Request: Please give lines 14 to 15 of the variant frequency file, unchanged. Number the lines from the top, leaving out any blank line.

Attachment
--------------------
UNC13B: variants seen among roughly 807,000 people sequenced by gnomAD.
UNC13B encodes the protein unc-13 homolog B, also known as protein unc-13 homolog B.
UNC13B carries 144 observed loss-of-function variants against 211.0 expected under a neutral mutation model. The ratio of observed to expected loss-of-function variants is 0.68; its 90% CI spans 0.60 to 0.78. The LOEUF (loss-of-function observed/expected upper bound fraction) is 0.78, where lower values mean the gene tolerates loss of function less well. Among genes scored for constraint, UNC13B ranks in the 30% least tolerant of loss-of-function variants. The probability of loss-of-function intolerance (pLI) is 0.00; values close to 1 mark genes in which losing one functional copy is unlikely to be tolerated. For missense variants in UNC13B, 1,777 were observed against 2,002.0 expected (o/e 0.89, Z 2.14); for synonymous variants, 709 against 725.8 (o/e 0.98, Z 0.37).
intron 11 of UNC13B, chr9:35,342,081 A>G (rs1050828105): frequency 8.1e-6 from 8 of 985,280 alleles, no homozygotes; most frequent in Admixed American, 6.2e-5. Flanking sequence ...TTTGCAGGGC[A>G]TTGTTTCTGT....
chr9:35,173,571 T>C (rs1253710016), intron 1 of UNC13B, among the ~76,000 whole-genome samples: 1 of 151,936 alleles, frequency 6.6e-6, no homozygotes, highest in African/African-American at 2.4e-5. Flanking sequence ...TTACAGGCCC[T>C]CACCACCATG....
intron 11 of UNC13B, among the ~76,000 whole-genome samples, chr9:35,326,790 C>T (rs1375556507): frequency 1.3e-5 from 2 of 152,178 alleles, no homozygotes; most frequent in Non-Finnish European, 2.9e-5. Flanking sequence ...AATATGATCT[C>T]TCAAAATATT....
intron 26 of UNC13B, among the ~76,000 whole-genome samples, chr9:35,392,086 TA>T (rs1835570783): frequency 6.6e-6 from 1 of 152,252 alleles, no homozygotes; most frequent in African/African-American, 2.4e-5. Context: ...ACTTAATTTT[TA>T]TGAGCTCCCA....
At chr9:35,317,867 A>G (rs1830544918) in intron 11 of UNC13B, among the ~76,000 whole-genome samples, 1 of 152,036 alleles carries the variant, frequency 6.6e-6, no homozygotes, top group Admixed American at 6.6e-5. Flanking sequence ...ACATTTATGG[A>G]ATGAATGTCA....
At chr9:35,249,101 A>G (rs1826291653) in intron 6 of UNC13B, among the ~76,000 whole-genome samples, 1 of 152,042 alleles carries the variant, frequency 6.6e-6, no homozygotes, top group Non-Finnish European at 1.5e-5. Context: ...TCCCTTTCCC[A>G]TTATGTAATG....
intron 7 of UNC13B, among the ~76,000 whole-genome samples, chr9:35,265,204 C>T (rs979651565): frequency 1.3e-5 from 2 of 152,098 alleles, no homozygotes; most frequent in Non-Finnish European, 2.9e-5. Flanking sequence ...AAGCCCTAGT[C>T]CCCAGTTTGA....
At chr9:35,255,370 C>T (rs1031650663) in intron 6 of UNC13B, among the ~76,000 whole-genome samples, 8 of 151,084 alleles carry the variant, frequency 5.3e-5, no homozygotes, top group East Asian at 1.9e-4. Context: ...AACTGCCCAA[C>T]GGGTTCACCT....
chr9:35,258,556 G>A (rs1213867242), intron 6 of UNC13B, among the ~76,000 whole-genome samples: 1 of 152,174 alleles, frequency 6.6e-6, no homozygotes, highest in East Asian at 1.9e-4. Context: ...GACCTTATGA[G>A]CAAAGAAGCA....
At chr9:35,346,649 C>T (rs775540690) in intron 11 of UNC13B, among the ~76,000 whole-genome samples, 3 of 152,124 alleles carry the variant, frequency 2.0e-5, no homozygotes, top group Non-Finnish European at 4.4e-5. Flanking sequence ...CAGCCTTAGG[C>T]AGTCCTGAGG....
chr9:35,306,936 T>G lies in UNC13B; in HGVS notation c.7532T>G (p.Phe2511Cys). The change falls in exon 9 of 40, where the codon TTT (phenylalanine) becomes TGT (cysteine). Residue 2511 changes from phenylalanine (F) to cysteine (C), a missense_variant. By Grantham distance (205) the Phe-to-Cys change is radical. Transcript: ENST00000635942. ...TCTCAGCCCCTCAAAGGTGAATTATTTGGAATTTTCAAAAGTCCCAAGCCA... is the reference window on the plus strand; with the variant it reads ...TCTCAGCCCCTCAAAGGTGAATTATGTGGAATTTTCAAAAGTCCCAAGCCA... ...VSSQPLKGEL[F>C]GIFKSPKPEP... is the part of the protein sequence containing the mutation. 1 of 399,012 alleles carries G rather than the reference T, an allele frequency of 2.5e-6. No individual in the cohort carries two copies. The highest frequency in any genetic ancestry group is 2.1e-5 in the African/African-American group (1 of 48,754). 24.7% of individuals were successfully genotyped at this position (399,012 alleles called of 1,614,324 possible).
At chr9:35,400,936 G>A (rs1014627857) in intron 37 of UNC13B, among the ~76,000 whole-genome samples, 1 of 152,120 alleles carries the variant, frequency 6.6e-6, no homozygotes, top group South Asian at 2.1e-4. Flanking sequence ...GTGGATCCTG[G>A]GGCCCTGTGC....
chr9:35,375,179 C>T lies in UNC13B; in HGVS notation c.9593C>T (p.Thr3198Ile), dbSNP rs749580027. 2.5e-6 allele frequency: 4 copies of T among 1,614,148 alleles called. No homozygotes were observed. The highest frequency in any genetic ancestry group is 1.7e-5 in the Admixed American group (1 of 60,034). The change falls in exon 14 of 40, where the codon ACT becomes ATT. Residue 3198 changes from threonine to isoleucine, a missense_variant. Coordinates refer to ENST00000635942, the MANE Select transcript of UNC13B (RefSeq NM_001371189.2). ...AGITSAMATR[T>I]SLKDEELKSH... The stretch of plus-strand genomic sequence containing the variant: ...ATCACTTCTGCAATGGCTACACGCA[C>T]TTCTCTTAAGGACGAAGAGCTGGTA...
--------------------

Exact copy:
chr9:35,306,936 T>G lies in UNC13B; in HGVS notation c.7532T>G (p.Phe2511Cys). The change falls in exon 9 of 40, where the codon TTT (phenylalanine) becomes TGT (cysteine). Residue 2511 changes from phenylalanine (F) to cysteine (C), a missense_variant. By Grantham distance (205) the Phe-to-Cys change is radical. Transcript: ENST00000635942. ...TCTCAGCCCCTCAAAGGTGAATTATTTGGAATTTTCAAAAGTCCCAAGCCA... is the reference window on the plus strand; with the variant it reads ...TCTCAGCCCCTCAAAGGTGAATTATGTGGAATTTTCAAAAGTCCCAAGCCA... ...VSSQPLKGEL[F>C]GIFKSPKPEP... is the part of the protein sequence containing the mutation. 1 of 399,012 alleles carries G rather than the reference T, an allele frequency of 2.5e-6. No individual in the cohort carries two copies. The highest frequency in any genetic ancestry group is 2.1e-5 in the African/African-American group (1 of 48,754). 24.7% of individuals were successfully genotyped at this position (399,012 alleles called of 1,614,324 possible).
At chr9:35,400,936 G>A (rs1014627857) in intron 37 of UNC13B, among the ~76,000 whole-genome samples, 1 of 152,120 alleles carries the variant, frequency 6.6e-6, no homozygotes, top group South Asian at 2.1e-4. Flanking sequence ...GTGGATCCTG[G>A]GGCCCTGTGC....